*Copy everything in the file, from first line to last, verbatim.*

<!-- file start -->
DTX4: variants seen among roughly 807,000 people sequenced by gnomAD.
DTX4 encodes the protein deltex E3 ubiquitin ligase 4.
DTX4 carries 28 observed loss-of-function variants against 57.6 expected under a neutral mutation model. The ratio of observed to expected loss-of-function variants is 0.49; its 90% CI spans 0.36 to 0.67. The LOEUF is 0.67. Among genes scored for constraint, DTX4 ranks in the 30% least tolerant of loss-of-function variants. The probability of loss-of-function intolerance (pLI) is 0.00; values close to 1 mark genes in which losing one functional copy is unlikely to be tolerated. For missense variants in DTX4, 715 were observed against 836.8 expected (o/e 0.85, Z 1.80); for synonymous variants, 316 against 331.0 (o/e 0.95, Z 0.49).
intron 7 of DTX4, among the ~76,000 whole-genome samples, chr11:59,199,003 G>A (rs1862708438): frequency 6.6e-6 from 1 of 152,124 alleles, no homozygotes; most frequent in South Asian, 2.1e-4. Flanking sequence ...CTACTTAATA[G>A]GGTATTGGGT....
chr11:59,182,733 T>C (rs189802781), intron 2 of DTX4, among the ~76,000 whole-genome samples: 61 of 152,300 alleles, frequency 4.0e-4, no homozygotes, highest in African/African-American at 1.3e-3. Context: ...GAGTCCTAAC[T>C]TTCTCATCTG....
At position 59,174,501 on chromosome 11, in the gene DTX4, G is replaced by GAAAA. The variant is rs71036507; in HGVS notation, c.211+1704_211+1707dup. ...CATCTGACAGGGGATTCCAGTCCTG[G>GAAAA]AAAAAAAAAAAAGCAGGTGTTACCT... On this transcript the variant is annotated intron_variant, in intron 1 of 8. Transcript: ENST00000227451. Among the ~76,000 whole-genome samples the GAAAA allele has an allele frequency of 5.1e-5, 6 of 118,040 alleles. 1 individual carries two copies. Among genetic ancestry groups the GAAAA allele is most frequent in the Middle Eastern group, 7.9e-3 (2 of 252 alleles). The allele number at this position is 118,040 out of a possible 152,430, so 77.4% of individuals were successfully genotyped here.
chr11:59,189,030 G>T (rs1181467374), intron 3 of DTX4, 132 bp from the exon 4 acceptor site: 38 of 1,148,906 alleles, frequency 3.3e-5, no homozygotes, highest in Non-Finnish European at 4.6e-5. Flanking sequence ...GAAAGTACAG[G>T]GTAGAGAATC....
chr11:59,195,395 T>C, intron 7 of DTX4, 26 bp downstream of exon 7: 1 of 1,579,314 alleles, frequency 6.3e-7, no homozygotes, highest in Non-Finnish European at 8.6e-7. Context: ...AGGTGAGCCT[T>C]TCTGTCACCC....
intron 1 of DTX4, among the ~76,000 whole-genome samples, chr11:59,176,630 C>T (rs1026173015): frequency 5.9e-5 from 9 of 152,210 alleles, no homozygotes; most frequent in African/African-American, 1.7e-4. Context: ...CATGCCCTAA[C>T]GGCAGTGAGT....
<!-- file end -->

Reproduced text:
DTX4: variants seen among roughly 807,000 people sequenced by gnomAD.
DTX4 encodes the protein deltex E3 ubiquitin ligase 4.
DTX4 carries 28 observed loss-of-function variants against 57.6 expected under a neutral mutation model. The ratio of observed to expected loss-of-function variants is 0.49; its 90% CI spans 0.36 to 0.67. The LOEUF is 0.67. Among genes scored for constraint, DTX4 ranks in the 30% least tolerant of loss-of-function variants. The probability of loss-of-function intolerance (pLI) is 0.00; values close to 1 mark genes in which losing one functional copy is unlikely to be tolerated. For missense variants in DTX4, 715 were observed against 836.8 expected (o/e 0.85, Z 1.80); for synonymous variants, 316 against 331.0 (o/e 0.95, Z 0.49).
intron 7 of DTX4, among the ~76,000 whole-genome samples, chr11:59,199,003 G>A (rs1862708438): frequency 6.6e-6 from 1 of 152,124 alleles, no homozygotes; most frequent in South Asian, 2.1e-4. Flanking sequence ...CTACTTAATA[G>A]GGTATTGGGT....
chr11:59,182,733 T>C (rs189802781), intron 2 of DTX4, among the ~76,000 whole-genome samples: 61 of 152,300 alleles, frequency 4.0e-4, no homozygotes, highest in African/African-American at 1.3e-3. Context: ...GAGTCCTAAC[T>C]TTCTCATCTG....
At position 59,174,501 on chromosome 11, in the gene DTX4, G is replaced by GAAAA. The variant is rs71036507; in HGVS notation, c.211+1704_211+1707dup. ...CATCTGACAGGGGATTCCAGTCCTG[G>GAAAA]AAAAAAAAAAAAGCAGGTGTTACCT... On this transcript the variant is annotated intron_variant, in intron 1 of 8. Transcript: ENST00000227451. Among the ~76,000 whole-genome samples the GAAAA allele has an allele frequency of 5.1e-5, 6 of 118,040 alleles. 1 individual carries two copies. Among genetic ancestry groups the GAAAA allele is most frequent in the Middle Eastern group, 7.9e-3 (2 of 252 alleles). The allele number at this position is 118,040 out of a possible 152,430, so 77.4% of individuals were successfully genotyped here.
chr11:59,189,030 G>T (rs1181467374), intron 3 of DTX4, 132 bp from the exon 4 acceptor site: 38 of 1,148,906 alleles, frequency 3.3e-5, no homozygotes, highest in Non-Finnish European at 4.6e-5. Flanking sequence ...GAAAGTACAG[G>T]GTAGAGAATC....
chr11:59,195,395 T>C, intron 7 of DTX4, 26 bp downstream of exon 7: 1 of 1,579,314 alleles, frequency 6.3e-7, no homozygotes, highest in Non-Finnish European at 8.6e-7. Context: ...AGGTGAGCCT[T>C]TCTGTCACCC....
intron 1 of DTX4, among the ~76,000 whole-genome samples, chr11:59,176,630 C>T (rs1026173015): frequency 5.9e-5 from 9 of 152,210 alleles, no homozygotes; most frequent in African/African-American, 1.7e-4. Context: ...CATGCCCTAA[C>T]GGCAGTGAGT....